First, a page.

April 26, 2003

True Democracy?


Those familiar with my views, experiences and past positions know how I feel about the religious tyranny currently in power in Iran. To me a dictatorship, mixed with visions of divine responsibilities is probably the most horrendous type of repression possible. Close to a quarter of a century of an autocratic government in Iran, bringing mass executions, murders, large-scale imprisonments, terror, oppression and corruption is the prime confirmation of this line of reasoning. (continued...)

Needless to say, creating a similar government in yet another country in the region is a nightmare and nothing but a huge set-back for anyone concerned with establishing freedom and democracy in the middle-east.

Having said that, one of the bases for any true democracy is to accept the people’s prerogative to occasionally make wrong choices and even more often, to make choices that you and I may not like or agree with. But at the end of the day, the choice is completely theirs. By that I mean that if in a free and open election Iranians choose to keep the current regime, it would be vital for people like myself to value and honor their choice, yet reserving our right to oppose it in peaceful fashion and by non-violent means.

This of course also applies to the people of Iraq. We invaded their country supposedly to “establish democracy” and give them the option of selecting their own form of government, elect their true representatives and enact laws according to their own sets of values and cultural make-up. However, a short few weeks after the fall of Saddam Hussein regime of terror, the hawks running globe’s only super-power are trying to take away that very right.

Just read the first line of AP’s wire: “The United States will not allow an Iran-style religious government to take hold in Iraq, Defense Secretary Donald H. Rumsfeld said Thursday in an interview with The Associated Press.”

Will someone please remind our dear Secretary that it is their choice and not ours how they wish to run their country? Or is it that democracy is good only if the people select choices that meets our approval?

I for one would like nothing less than having an Iran-Style regime in Iraq. But I know it is not up to me to decide what is best for Iraq and Iraqis. I don’t think Rumsfeld and company feel the same way.

Posted by Pedram at April 26, 2003 10:27 PM
Comments

OT
I come via Notes of an Iranian Girl.
I just wanted to offer a note of support
to all Iranians.
There are very many people here in the U.S.
who want to see the rights of self
determination, political & religious freedom
grow in your country.
We wish you well!

Posted by: TX Vet at April 27, 2003 08:07 AM

Our sentiment exactly. This is also what many Iranians wish for your country, where elections won't be bought, only votes by a majority elect politicians, people aren't affraid of opposing their government's choices, minorities aren't attacked or are presumed guilty based on their religion, race or heritage, minority parties and factions are granted proportional representation and nobody interferes with the internal politics of other countries. Maybe we'll both get there one day. Maybe.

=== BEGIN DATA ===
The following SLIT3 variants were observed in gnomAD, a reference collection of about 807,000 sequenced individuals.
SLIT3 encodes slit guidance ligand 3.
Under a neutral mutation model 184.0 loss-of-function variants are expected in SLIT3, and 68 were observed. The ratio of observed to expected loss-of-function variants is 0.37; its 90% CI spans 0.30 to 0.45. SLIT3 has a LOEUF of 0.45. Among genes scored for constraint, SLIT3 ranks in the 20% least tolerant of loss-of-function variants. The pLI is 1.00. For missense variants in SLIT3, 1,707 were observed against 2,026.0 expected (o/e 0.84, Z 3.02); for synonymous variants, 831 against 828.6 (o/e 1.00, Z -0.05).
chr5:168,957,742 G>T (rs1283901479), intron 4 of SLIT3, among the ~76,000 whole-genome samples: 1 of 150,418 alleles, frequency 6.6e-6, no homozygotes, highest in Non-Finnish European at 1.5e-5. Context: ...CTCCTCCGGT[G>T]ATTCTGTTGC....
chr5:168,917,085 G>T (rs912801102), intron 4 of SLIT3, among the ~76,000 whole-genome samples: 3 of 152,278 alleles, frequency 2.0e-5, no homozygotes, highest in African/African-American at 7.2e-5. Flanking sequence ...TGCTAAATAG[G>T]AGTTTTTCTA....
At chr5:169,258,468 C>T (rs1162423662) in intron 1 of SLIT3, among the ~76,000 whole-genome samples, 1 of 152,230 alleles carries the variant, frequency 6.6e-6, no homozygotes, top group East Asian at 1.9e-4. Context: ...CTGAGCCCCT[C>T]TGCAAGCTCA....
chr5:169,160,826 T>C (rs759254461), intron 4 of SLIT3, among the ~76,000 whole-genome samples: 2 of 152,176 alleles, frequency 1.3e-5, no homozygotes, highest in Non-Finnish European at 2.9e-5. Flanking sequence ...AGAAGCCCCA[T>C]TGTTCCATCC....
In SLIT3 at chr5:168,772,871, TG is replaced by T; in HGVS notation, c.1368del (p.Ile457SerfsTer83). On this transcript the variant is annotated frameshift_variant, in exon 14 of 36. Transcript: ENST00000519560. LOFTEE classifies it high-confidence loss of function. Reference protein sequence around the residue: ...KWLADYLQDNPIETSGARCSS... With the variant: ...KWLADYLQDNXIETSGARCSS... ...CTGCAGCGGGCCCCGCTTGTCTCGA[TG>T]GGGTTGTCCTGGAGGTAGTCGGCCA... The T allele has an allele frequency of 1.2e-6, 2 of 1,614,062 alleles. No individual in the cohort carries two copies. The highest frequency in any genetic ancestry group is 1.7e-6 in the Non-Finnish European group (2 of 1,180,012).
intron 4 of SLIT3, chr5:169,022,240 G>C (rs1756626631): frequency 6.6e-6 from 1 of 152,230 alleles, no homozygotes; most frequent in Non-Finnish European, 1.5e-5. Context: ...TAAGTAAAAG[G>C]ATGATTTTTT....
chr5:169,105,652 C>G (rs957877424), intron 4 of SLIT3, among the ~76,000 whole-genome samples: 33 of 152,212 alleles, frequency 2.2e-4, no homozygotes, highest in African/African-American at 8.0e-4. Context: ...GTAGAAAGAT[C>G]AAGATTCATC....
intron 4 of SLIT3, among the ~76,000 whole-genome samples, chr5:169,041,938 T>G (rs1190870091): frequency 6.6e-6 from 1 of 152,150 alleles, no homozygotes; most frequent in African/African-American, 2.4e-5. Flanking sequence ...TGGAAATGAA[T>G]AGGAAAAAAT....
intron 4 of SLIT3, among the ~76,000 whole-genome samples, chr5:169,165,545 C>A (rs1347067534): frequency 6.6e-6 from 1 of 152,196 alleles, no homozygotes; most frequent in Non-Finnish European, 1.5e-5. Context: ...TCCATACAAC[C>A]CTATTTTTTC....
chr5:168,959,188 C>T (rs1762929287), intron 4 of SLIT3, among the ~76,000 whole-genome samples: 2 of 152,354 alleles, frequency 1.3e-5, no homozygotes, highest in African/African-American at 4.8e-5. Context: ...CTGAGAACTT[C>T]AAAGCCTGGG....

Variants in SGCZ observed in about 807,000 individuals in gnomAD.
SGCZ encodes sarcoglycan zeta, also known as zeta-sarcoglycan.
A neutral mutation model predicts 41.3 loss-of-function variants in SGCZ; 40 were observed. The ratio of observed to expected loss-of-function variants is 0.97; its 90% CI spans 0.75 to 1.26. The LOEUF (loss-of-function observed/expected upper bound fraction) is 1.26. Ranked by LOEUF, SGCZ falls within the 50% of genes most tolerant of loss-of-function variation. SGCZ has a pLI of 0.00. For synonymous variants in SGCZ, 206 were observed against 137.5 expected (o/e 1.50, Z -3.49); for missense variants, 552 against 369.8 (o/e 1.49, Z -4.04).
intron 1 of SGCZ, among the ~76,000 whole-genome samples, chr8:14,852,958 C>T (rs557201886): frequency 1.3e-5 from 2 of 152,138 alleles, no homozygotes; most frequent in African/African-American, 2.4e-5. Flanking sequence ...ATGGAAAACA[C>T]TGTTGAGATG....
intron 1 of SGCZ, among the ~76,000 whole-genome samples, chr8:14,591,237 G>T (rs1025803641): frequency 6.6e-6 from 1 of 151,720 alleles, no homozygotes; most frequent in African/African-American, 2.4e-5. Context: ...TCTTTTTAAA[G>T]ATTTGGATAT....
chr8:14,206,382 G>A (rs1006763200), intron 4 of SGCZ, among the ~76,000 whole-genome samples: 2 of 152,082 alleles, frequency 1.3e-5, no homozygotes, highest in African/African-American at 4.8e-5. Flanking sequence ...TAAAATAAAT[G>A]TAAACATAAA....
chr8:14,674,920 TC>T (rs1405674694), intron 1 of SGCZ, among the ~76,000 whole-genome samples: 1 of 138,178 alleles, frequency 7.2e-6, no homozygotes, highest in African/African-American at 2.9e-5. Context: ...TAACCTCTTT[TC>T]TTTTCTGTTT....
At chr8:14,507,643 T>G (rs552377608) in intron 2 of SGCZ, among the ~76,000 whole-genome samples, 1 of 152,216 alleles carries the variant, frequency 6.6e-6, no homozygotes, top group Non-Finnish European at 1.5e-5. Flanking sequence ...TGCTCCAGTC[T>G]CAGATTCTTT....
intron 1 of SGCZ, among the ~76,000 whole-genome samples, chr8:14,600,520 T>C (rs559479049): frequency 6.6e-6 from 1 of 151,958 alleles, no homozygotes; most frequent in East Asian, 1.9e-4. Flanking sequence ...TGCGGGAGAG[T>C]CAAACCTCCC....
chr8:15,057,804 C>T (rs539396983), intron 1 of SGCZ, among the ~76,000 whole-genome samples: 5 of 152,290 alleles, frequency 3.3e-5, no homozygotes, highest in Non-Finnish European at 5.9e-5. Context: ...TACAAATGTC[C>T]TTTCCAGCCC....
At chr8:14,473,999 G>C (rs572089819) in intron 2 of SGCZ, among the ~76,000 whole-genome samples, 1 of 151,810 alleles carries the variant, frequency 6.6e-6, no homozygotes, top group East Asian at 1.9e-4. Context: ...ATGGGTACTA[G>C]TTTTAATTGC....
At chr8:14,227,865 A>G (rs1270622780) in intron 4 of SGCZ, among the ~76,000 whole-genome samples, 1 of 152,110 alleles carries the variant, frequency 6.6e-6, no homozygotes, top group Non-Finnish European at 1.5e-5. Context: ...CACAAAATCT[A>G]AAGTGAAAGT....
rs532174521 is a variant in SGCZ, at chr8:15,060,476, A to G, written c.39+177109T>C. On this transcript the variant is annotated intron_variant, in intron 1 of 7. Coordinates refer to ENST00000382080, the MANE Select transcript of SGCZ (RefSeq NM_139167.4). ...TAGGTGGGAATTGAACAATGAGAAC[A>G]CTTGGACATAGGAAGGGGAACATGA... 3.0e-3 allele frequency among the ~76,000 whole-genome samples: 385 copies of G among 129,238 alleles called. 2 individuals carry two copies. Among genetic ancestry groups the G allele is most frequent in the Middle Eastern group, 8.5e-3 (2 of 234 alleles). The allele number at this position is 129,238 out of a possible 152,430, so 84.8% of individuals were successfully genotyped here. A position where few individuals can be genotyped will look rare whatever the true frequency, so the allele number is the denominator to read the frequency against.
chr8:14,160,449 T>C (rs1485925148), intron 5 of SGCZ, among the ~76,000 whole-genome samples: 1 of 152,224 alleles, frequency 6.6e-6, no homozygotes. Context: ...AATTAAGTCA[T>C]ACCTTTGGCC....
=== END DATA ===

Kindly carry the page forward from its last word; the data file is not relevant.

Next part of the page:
Posted by: Pedram M. at April 27, 2003 09:01 AM

Farid Zakaria makes an interesting point. Right after the fall of one of these governments, the mullahs are the only ones "untouched" by the former regime. So they tend to get more political power then is appropriate.

The problem in Iran isn't so much that the mullahs have power, as much as the constitution is written in such a way as the Iranian people had no opportunity to change their mind.

Choosing freely is one thing. Choosing freely once is another...

Posted by: Pierce T. Wetter III at April 27, 2003 09:19 AM

Sha;)
bazaaam mikham begam inja cheghad khoshgeel shode, koli be adam rohie mide ;))
man ham ye blog soedi felan dorost kardam, ba 2 nafar dostam mikham benevisamesh, asl kari khodam ham dare hanooz khak mikhore :D
tambaalaam dige,che mishe kard

Posted by: عالیجناب منتقد at April 27, 2003 10:49 AM

Pedram:
This is an excellent essay.
I disagree to the extent that selecting a leader once does not a democracy make. Even after 200 years, America's democracy is changing every day. Its ability to change is what gives the people power over their leaders, rather than vice versa. A simple choice, a one-time choice does not a democracy make. I've posted more on my weblog, BuzzMachine, here.
And I'm delighted to have recently discovered your weblog; it's wonderful.

Posted by: Jeff Jarvis at April 27, 2003 02:37 PM

Oops. I guess HTML tags don't work. The URL:
http://www.buzzmachine.com/archives/2003_04.html#003666

Posted by: Jeff Jarvis at April 27, 2003 02:37 PM

Well I wanted to at least try to
send good wishes
but obviously your head is in the sand

Posted by: TX Vet at April 28, 2003 02:01 AM

To Tx Vet;
I don't see anything wrong in Pedram's comment. I don't believe he is not appreciating your well wishes for Iranians (I do too appreciate and thank you for that). He is just wishing the same thing for Americans. And there is nothing wrong with that. What he says about undemocratic issues in the US are not denyable and are true. Please don't take it personal and deal with the truth of your country as we; Iranians, are dealing with the truth of our country.

Posted by: R at April 28, 2003 07:46 AM